Cooking | October 31, 2022 5:39 am

Recipe: Pan de Muerto Is Central to Celebrating Life on the Day of the Dead

This Huichol-inspired bread includes a zesty kick of guava

A basket of Pan de Muerto bread
Pan de Muerto is a taste—literally— of the Day of the Dead from afar
Conrad Punta de Mita

You’d think the yearly approach of a holiday dedicated to remembering a lost loved one would be accompanied by a sense of sadness and dread. After all, funerals are tough enough. Not so in Mexico, where the Day of the Dead (or Día de Muertos) is an anticipated, family-oriented festival.

“It’s my favorite celebration,” Roselia Flandes of Mexico City told me recently over dinner in Riviera Nayarit, Mexico at the Conrad Punta de Mita, where she oversees the resort’s expansive spa operations. 

The popular Mexican celebration, observed November 1-2, features garish skeletons, grinning (and gaudy) skulls and flower-strewn cemeteries, all reminders of death even in its cheery get-up.

Yet, there’s a plot twist: The holiday is about life — and it isn’t sad or scary. A joyful occasion, it invites loved ones who passed away to return for a visit, Flandes explains. It’s a full-blown party, in fact.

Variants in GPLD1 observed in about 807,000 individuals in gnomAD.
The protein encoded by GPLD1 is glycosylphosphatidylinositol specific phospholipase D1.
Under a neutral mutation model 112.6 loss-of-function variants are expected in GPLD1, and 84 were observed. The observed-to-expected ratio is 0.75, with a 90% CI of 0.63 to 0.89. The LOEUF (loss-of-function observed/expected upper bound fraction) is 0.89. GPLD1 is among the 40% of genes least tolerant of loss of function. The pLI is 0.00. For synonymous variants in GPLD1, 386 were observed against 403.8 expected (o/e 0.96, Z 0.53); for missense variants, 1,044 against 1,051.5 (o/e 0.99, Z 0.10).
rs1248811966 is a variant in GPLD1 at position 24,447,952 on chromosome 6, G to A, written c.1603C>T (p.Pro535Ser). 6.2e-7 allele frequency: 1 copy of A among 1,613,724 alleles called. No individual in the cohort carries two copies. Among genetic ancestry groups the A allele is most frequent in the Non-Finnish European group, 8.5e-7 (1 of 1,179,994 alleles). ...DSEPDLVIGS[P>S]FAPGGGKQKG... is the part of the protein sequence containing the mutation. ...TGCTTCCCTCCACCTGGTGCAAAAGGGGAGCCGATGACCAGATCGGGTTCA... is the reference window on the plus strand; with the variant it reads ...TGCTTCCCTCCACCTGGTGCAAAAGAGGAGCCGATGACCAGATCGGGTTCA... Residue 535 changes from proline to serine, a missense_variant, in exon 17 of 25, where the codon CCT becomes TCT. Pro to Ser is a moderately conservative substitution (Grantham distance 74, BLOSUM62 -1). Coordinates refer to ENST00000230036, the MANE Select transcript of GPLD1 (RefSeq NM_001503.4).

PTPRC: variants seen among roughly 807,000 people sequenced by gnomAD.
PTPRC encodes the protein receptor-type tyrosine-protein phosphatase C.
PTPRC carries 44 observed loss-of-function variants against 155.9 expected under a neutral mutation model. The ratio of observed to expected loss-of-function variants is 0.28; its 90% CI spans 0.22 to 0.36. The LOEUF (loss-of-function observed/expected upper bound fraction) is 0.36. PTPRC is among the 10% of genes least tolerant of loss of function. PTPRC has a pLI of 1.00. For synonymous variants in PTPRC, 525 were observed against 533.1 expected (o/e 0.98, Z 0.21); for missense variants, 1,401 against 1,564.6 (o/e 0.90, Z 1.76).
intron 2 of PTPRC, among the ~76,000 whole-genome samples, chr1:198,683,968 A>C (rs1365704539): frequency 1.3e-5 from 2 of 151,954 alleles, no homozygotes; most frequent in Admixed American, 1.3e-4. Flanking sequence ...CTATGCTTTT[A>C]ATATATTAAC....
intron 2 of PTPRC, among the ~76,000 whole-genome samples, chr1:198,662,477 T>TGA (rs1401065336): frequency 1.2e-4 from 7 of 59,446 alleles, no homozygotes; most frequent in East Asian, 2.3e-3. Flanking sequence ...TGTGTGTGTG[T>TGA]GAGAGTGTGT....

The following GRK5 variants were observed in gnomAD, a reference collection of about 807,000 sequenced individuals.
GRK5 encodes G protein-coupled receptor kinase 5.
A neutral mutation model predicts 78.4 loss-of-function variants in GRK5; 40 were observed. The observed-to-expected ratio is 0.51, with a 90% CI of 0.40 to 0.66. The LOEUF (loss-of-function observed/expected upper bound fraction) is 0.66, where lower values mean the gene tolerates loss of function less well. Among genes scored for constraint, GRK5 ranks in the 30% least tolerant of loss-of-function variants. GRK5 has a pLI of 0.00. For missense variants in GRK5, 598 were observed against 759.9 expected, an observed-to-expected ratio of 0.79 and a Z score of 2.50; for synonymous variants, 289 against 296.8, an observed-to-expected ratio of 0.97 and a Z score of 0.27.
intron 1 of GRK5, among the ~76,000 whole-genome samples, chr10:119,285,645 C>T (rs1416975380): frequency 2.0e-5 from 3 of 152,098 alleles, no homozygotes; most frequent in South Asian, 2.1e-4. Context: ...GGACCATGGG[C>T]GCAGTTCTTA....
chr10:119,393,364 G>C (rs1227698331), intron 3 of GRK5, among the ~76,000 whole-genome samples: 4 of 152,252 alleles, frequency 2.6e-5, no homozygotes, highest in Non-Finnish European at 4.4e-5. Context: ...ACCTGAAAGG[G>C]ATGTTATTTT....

Though personal celebrations vary depending on where you live in Mexico and what particular expression your family leans into, the holiday is consistently a family affair. It helps children learn not to fear death, Flandes suggests. Her travel-loving parents took her to visit towns that honored the tradition through a velción — an all-night vigil in a cemetery brimming with music and candles. (“My first memory probably is in Janitzio when I was 6,” she said, referring to the small island town in the middle of Lake Pátzcuaro.) 

No matter how you celebrate, Flandes said the tradition broadly symbolizes an invitation for the dead to pay a visit—and a time for reflective reconnection.

What It’s Like to Visit Mexico City for Día de Muertos

From ornate costumes to decadent ofrendas, the celebration is a testament to Mexico's vibrant and colorful culture

Flandes also explained that in small towns across Mexico, cemeteries are adorned with flowers, and often you’ll see families celebrating at gravesites, bringing food and drink, essentially having a picnic with the dead. Some scatter the petals of marigolds, Mexico’s national flower, connecting the gravesites and front doors to lead the dead home. Portions of food are left overnight to call up spirits, she said, and then buried the following day. Families get creative and display personal effects, too, which reflect the lost loved one’s favorite things — such as cigarettes or perhaps a photo of Elvis Presley.